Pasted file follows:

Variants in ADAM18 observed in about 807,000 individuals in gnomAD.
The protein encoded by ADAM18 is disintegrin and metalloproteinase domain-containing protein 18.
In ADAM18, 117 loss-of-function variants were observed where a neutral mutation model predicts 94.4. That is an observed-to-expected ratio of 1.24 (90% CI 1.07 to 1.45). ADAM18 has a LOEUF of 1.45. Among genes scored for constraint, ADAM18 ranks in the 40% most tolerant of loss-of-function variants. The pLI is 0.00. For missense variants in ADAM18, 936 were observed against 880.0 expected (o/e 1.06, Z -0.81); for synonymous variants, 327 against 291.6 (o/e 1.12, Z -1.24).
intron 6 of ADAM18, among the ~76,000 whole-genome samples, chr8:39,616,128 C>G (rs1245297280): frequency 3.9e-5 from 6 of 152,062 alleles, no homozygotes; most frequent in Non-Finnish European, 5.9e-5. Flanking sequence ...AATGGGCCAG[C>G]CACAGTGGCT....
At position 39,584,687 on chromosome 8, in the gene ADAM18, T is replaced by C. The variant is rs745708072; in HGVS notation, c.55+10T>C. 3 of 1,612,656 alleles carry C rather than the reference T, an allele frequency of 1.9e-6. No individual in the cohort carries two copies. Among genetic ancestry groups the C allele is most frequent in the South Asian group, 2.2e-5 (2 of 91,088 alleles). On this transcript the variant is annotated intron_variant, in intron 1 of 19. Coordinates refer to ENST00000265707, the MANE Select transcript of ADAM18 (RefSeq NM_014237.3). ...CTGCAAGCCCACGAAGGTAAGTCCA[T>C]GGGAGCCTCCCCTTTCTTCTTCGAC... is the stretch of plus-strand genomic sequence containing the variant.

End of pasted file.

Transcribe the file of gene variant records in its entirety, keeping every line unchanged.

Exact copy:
Variants in ADAM18 observed in about 807,000 individuals in gnomAD.
The protein encoded by ADAM18 is disintegrin and metalloproteinase domain-containing protein 18.
In ADAM18, 117 loss-of-function variants were observed where a neutral mutation model predicts 94.4. That is an observed-to-expected ratio of 1.24 (90% CI 1.07 to 1.45). ADAM18 has a LOEUF of 1.45. Among genes scored for constraint, ADAM18 ranks in the 40% most tolerant of loss-of-function variants. The pLI is 0.00. For missense variants in ADAM18, 936 were observed against 880.0 expected (o/e 1.06, Z -0.81); for synonymous variants, 327 against 291.6 (o/e 1.12, Z -1.24).
intron 6 of ADAM18, among the ~76,000 whole-genome samples, chr8:39,616,128 C>G (rs1245297280): frequency 3.9e-5 from 6 of 152,062 alleles, no homozygotes; most frequent in Non-Finnish European, 5.9e-5. Flanking sequence ...AATGGGCCAG[C>G]CACAGTGGCT....
At position 39,584,687 on chromosome 8, in the gene ADAM18, T is replaced by C. The variant is rs745708072; in HGVS notation, c.55+10T>C. 3 of 1,612,656 alleles carry C rather than the reference T, an allele frequency of 1.9e-6. No individual in the cohort carries two copies. Among genetic ancestry groups the C allele is most frequent in the South Asian group, 2.2e-5 (2 of 91,088 alleles). On this transcript the variant is annotated intron_variant, in intron 1 of 19. Coordinates refer to ENST00000265707, the MANE Select transcript of ADAM18 (RefSeq NM_014237.3). ...CTGCAAGCCCACGAAGGTAAGTCCA[T>C]GGGAGCCTCCCCTTTCTTCTTCGAC... is the stretch of plus-strand genomic sequence containing the variant.